Stillbirth Preventable But Rates Not Dropping
Medical advances in the field of obstetrics have changed lives of women and children all over the world. Pregnancy and childbirth are safer now than they have been at any other point in history. However, stillbirth rates are not going down – even in advanced countries like the United States – though the majority are preventable.
In the United States, “stillbirth” refers to a loss at or after the 20th week of pregnancy, including during delivery. It affects less than 1% of all pregnancies, amounting to about 24,000 deaths each year, and most occur before labor and delivery.
The likelihood of losing a child to Sudden Infant Death Syndrome was cut in half during the 1990s thanks to the Back to Sleep campaign. In that time, the early stillbirth rate did not budge and now a parent is ten times more likely to lose a baby through stillbirth than to SIDS.
Stillbirths are classified as either early (occurring between weeks 20 and 27 of pregnancy), late (occurring between weeks 28 and 36), and term (after week 27 of pregnancy). Late and term stillbirths have become less common and the numbers are dropping dramatically around the world as less civilized countries adopt safer practices. But surprisingly, even with the advances in medical technology, the rate of early stillbirths has remained steady over the years.
Most stillbirths are preventable
A common misconception is that stillbirths are due to birth defects so the baby could not survive anyway. According to the UK medical journal The Lancet, which has begun a new series on preventing stillbirths, nearly 30% of people believe that a stillborn baby “just isn’t meant to be” because of a genetic condition but, the journal explains, in reality only a very few pregnancy losses are related to this.
The Lancet feature also points out that half of all stillborn babies are still alive when labor begins. Many of the earlier – pre-term – stillbirths are preventable when risk factors are identified.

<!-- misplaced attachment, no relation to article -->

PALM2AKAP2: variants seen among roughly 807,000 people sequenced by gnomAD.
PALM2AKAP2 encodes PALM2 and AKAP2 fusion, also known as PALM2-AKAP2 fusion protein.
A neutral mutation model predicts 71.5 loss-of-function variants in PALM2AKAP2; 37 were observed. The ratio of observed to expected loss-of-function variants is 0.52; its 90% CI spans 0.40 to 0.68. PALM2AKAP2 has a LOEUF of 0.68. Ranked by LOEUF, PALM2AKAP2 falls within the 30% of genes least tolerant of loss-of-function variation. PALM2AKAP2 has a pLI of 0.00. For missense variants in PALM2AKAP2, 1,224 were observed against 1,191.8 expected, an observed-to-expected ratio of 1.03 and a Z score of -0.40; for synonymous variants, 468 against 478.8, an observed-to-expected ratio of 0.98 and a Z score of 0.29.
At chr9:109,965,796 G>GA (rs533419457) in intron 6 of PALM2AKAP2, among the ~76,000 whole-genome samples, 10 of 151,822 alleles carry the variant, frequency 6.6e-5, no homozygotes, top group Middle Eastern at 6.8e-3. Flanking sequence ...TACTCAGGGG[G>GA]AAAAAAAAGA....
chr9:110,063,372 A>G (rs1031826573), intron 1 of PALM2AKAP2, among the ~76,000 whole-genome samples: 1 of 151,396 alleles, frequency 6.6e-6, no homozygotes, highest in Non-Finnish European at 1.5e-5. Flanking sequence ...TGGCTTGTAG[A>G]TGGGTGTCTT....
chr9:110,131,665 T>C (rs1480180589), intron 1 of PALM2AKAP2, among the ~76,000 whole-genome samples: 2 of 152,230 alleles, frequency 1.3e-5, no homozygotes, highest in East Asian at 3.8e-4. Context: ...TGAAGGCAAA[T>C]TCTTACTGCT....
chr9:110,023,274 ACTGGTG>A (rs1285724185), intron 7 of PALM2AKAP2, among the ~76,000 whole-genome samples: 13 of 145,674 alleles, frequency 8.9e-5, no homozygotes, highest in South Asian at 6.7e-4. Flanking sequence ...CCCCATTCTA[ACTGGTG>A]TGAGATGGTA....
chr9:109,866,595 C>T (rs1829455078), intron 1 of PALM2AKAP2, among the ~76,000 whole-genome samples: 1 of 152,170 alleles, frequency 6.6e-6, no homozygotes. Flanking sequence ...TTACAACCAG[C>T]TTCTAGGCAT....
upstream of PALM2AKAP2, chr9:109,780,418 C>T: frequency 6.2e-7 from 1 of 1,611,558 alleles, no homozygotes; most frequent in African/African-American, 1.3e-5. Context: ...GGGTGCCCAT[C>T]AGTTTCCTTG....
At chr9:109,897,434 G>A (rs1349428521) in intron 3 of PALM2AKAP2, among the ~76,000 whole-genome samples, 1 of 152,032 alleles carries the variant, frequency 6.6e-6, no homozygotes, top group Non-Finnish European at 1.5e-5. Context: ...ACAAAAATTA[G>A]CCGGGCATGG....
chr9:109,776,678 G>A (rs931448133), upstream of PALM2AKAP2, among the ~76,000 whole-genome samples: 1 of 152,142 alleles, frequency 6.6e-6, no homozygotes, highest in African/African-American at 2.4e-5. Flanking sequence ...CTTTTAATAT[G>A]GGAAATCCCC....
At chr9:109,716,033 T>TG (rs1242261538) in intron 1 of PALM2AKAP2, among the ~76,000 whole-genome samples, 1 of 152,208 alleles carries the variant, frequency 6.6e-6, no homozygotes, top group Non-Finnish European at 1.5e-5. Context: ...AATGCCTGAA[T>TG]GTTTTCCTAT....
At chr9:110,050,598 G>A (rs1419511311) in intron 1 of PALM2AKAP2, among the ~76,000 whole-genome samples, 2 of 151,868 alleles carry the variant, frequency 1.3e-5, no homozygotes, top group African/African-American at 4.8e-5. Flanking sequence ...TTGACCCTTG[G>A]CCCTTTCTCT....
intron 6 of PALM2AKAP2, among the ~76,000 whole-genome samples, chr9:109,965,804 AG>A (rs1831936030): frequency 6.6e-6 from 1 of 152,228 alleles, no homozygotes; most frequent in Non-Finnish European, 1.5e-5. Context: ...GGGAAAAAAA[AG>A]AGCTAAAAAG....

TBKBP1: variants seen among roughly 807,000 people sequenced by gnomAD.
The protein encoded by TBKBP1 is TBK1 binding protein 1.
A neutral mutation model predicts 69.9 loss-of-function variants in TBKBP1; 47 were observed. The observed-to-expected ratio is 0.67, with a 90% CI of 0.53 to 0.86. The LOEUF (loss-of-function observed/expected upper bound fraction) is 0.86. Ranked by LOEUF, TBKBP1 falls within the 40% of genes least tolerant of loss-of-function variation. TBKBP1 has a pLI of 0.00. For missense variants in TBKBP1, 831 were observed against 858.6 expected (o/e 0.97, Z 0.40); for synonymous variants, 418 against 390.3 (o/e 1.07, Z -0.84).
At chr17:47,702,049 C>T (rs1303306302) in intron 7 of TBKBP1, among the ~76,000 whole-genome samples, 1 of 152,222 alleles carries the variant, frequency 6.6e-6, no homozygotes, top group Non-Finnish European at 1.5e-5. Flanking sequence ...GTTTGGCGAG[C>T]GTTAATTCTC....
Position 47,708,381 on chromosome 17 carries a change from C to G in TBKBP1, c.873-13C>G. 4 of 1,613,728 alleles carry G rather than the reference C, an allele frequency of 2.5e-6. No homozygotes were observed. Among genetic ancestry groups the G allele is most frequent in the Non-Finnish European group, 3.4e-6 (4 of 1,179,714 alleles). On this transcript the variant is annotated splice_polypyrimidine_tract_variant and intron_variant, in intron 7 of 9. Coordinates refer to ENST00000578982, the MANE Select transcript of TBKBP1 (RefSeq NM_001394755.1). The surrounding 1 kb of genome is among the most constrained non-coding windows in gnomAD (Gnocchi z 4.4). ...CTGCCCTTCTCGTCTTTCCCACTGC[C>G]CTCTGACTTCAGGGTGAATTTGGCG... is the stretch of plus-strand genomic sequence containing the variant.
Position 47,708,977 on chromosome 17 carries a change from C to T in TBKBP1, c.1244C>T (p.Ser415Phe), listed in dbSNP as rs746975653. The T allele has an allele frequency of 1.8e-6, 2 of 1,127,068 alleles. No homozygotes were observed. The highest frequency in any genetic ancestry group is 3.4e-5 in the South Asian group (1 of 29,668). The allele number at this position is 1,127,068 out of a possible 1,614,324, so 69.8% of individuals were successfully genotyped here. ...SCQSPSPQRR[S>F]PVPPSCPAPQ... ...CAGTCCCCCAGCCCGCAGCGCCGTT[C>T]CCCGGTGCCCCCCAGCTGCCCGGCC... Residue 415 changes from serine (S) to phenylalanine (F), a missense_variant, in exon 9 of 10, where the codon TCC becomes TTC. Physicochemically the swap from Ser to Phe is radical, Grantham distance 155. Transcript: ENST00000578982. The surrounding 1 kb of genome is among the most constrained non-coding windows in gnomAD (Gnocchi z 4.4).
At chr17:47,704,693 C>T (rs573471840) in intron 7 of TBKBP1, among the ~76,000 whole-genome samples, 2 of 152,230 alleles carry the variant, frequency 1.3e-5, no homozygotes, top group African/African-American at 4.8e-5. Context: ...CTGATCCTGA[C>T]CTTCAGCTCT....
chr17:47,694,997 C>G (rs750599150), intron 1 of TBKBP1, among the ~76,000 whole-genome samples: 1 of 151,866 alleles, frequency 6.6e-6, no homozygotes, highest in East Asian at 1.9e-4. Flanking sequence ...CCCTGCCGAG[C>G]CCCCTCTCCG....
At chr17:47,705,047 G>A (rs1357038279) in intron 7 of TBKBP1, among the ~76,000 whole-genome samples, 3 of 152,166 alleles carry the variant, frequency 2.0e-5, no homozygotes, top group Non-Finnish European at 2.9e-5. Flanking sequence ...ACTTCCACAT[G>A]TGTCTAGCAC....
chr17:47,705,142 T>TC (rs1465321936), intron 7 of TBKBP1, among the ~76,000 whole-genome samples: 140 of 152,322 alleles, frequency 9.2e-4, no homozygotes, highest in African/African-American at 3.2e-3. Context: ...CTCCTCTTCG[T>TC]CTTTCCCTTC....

Factors that elevate the risk of both stillbirth and premature birth include:
- Race – black mothers are at higher risk
- Age – teenagers and women over the age of 35 both have an elevated risk
- Smoking during pregnancy
- Certain medical conditions like diabetes
- Being pregnant with multiples
- Prior pregnancy loss
Causes of stillbirth
Leading causes of stillbirth include:
- Problems with the placenta, including placental abruption, which can reduce the oxygen that the baby receives
- Birth defects
- Lack of oxygen related to a baby’s restricted growth
- Problems with the mother, including high blood pressure or diabetes
A stillbirth is always painful for the family and it can be even more so when it could have been prevented. Medical providers are trained to look for risk factors so that they can be prepared and save the baby.
When they miss the signs, it may amount to medical malpractice. The law recognizes the rights of malpractice victims to seek compensation. Generally, this means proving that the doctor or other health care provider did not meet the proper standard of care and that this breach caused a birth injury or preventable death.
Compensation can include reimbursement of medical and funeral expenses and payment for physical and emotional pain and suffering.
- Centers for Disease Control, Facts about Stillbirth, http://www.cdc.gov/ncbddd/stillbirth/facts.html
- Yahoo, Why Stillbirth Numbers Aren’t Dropping – Even Though Majority Are Preventable, https://www.yahoo.com/parenting/why-stillbirth-numbers-arent-dropping-even-231410463.html
- The Lances, The silence around stillbirth is unspeakable, https://thebestscienceforbetterlives.com/stillbirth/